will get every <li> inside the navigation and iterate over each of those li's

 

li.addEvent('click', function(e){

Assigns a new event to each of the li's.

new Event(e).stop();

this will stop the event from bubbling, which in turn means that the navigation's standard code will not be run.
The following switch statement, whilst long winded, simply works out which button has been pressed and updates the jnav objects limistart value

We then update the ajax object's limitstart value we passed in from the FabbleGroup class to the new limitstart value

this.options.ajax.options.data.limitstart = jnav.limitstart;

and finally fire off the request

this.options.ajax.request();

A raw view

Remember that in the FabbleGroup Javascript class we had set the Ajax's object's url to:
'index.php?option=com_fabble&controller=groups&format=raw'

This will tell Joomla to render a raw view of the page we are currently on.
So we need to create a new file: components/com_fabble/views/groups/view.raw.php - note the 'raw' in the file name, this is the view that Joomla looks for as we passed in '&format=raw' in the Ajax request's querystring.

Here's the content of the file:

/**  * @package Joomla
* @subpackage Fabble
* @copyright Copyright (C) 2005 Rob Clayburn. All rights reserved.
* @license http://www.gnu.org/copyleft/gpl.html GNU/GPL, see LICENSE.php */
// Check to ensure this file is included in Joomla!
defined('_JEXEC') or die();
jimport('joomla.application.component.view');
class fabbleViewGroups extends JView {
function display($tpl = null) {
// Initialize variables
$this->assignRef( 'groups', $this->get( 'Data' ) );

parent::display(’items’);
}
} ?>

So again, we are getting the list of groups. As we have updated the limistart varaible when sending the Ajax request the data returned from this function will reflect the current page you have navigated to.

Then, instead of calling the main template ('default.php') we call 'default_items.php' with the function:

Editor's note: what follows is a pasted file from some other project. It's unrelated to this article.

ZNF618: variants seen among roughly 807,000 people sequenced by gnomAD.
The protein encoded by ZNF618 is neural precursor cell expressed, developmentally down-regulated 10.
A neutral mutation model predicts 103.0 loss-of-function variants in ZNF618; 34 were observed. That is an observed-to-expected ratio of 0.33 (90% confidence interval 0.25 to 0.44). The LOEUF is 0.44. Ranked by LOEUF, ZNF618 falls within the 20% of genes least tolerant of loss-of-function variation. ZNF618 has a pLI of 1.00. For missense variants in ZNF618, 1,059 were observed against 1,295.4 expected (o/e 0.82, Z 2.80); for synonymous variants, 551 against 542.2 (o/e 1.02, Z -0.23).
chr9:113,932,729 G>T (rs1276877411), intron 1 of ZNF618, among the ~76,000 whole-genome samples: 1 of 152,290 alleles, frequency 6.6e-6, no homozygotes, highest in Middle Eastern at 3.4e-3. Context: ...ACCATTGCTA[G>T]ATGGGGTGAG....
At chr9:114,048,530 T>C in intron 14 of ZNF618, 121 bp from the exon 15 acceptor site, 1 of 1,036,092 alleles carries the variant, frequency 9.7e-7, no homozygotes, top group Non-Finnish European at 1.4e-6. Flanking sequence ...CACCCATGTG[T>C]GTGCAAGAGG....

parent::display('items');

This has the effect of returning to the Ajax object's onComplete function only the updated <li>'s, precisely the content we are after.

The last step in updating the list is in the FabbleGroup Javascript class's this.shoWGroups onComplete function:

 

'onComplete':function(d){
$('fabble-groups').getElement('ul').setHTML(d);
this.nav.updateNav();
}.bind(this)

So we update the <li>'s html with that returned from the raw view and then tell the navigation object to update itself, basically this invloves iterating over all of the navigation lists items and setting or removing their links.

 

Other methods I considered

Sending JSON

I have to say that I didn't start out doing things in this manner. My first idea was to make the ajax call get a json object directly from the group controller, once the json data received the FabbleGroup JavaScript class would build the required elements and insert them into the list.

I liked this to start off with because the data passed back to the page was smaller in size. However, as soon as the content inside the list becomes complex its was quiet hard to write the javascript to create it, and if the template changed then I would need to update the javascript code to reflect those changes, so all in all a very brittle solution.

Javascript Agogo

So I knew that I had to have the html generated in one place, my first thought was that I could do it all within the javascript classes. This would involve passing pure json to the scripts which would then build the pages. Somewhere my love of JavaScript made me really consider this for a moment, then I realised that it would mean my users would have to have Javascript enabled and it would make adjusting the templates harder.

So to summarise I'm pretty darned happy with the soluton I have now. It degrades beautifully whilst still being flexible and robust.

Read more...


Fabrik 2.0b3 released

We are proud to release the next and hopefully last beta version of Fabrik, Fabrik 2.0b3. This release contains a large number of bug fixes (over 470 commits since the second beta) from the previous 2.0b2 release from June.

This release would not have been possible without the communities help in reporting bugs, suggesting fixes, posting translations and general inspiration! I encourage you all to continue helping us so we can quickly move towards release candidates and then a final version

Installation instructions

Clean installation